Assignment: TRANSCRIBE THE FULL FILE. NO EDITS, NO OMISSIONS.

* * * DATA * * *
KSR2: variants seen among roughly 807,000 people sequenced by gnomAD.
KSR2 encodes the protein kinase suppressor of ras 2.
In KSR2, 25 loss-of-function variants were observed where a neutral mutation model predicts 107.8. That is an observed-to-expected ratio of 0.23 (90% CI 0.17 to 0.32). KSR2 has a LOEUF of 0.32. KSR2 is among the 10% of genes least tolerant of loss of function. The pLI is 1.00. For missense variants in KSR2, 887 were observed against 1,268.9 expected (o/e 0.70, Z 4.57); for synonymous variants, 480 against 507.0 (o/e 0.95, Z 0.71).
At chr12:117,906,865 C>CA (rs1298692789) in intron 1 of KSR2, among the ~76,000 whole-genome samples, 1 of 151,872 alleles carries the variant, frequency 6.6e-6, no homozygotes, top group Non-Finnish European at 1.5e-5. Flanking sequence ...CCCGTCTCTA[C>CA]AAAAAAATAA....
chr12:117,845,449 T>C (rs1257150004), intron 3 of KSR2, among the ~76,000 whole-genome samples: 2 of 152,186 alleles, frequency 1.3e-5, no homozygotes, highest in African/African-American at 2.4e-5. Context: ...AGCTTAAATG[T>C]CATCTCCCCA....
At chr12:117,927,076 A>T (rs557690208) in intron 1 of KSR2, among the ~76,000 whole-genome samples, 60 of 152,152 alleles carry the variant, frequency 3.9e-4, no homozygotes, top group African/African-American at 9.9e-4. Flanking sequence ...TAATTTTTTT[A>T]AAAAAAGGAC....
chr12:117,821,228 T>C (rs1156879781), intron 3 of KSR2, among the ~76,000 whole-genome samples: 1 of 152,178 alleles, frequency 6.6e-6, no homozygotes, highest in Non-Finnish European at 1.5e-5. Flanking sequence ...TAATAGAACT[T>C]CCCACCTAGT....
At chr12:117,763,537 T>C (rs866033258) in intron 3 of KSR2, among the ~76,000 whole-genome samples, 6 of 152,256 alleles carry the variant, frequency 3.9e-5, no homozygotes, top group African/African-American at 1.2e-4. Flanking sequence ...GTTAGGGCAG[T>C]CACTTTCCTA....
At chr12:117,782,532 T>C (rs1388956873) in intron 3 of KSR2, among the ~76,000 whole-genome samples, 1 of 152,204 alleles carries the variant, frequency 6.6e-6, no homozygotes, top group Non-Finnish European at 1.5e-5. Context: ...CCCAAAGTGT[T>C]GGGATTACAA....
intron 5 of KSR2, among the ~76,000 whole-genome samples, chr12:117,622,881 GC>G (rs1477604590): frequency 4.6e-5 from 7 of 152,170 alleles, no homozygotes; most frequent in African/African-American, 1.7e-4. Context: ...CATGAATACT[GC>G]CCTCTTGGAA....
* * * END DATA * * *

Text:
KSR2: variants seen among roughly 807,000 people sequenced by gnomAD.
KSR2 encodes the protein kinase suppressor of ras 2.
In KSR2, 25 loss-of-function variants were observed where a neutral mutation model predicts 107.8. That is an observed-to-expected ratio of 0.23 (90% CI 0.17 to 0.32). KSR2 has a LOEUF of 0.32. KSR2 is among the 10% of genes least tolerant of loss of function. The pLI is 1.00. For missense variants in KSR2, 887 were observed against 1,268.9 expected (o/e 0.70, Z 4.57); for synonymous variants, 480 against 507.0 (o/e 0.95, Z 0.71).
At chr12:117,906,865 C>CA (rs1298692789) in intron 1 of KSR2, among the ~76,000 whole-genome samples, 1 of 151,872 alleles carries the variant, frequency 6.6e-6, no homozygotes, top group Non-Finnish European at 1.5e-5. Flanking sequence ...CCCGTCTCTA[C>CA]AAAAAAATAA....
chr12:117,845,449 T>C (rs1257150004), intron 3 of KSR2, among the ~76,000 whole-genome samples: 2 of 152,186 alleles, frequency 1.3e-5, no homozygotes, highest in African/African-American at 2.4e-5. Context: ...AGCTTAAATG[T>C]CATCTCCCCA....
At chr12:117,927,076 A>T (rs557690208) in intron 1 of KSR2, among the ~76,000 whole-genome samples, 60 of 152,152 alleles carry the variant, frequency 3.9e-4, no homozygotes, top group African/African-American at 9.9e-4. Flanking sequence ...TAATTTTTTT[A>T]AAAAAAGGAC....
chr12:117,821,228 T>C (rs1156879781), intron 3 of KSR2, among the ~76,000 whole-genome samples: 1 of 152,178 alleles, frequency 6.6e-6, no homozygotes, highest in Non-Finnish European at 1.5e-5. Flanking sequence ...TAATAGAACT[T>C]CCCACCTAGT....
At chr12:117,763,537 T>C (rs866033258) in intron 3 of KSR2, among the ~76,000 whole-genome samples, 6 of 152,256 alleles carry the variant, frequency 3.9e-5, no homozygotes, top group African/African-American at 1.2e-4. Flanking sequence ...GTTAGGGCAG[T>C]CACTTTCCTA....
At chr12:117,782,532 T>C (rs1388956873) in intron 3 of KSR2, among the ~76,000 whole-genome samples, 1 of 152,204 alleles carries the variant, frequency 6.6e-6, no homozygotes, top group Non-Finnish European at 1.5e-5. Context: ...CCCAAAGTGT[T>C]GGGATTACAA....
intron 5 of KSR2, among the ~76,000 whole-genome samples, chr12:117,622,881 GC>G (rs1477604590): frequency 4.6e-5 from 7 of 152,170 alleles, no homozygotes; most frequent in African/African-American, 1.7e-4. Context: ...CATGAATACT[GC>G]CCTCTTGGAA....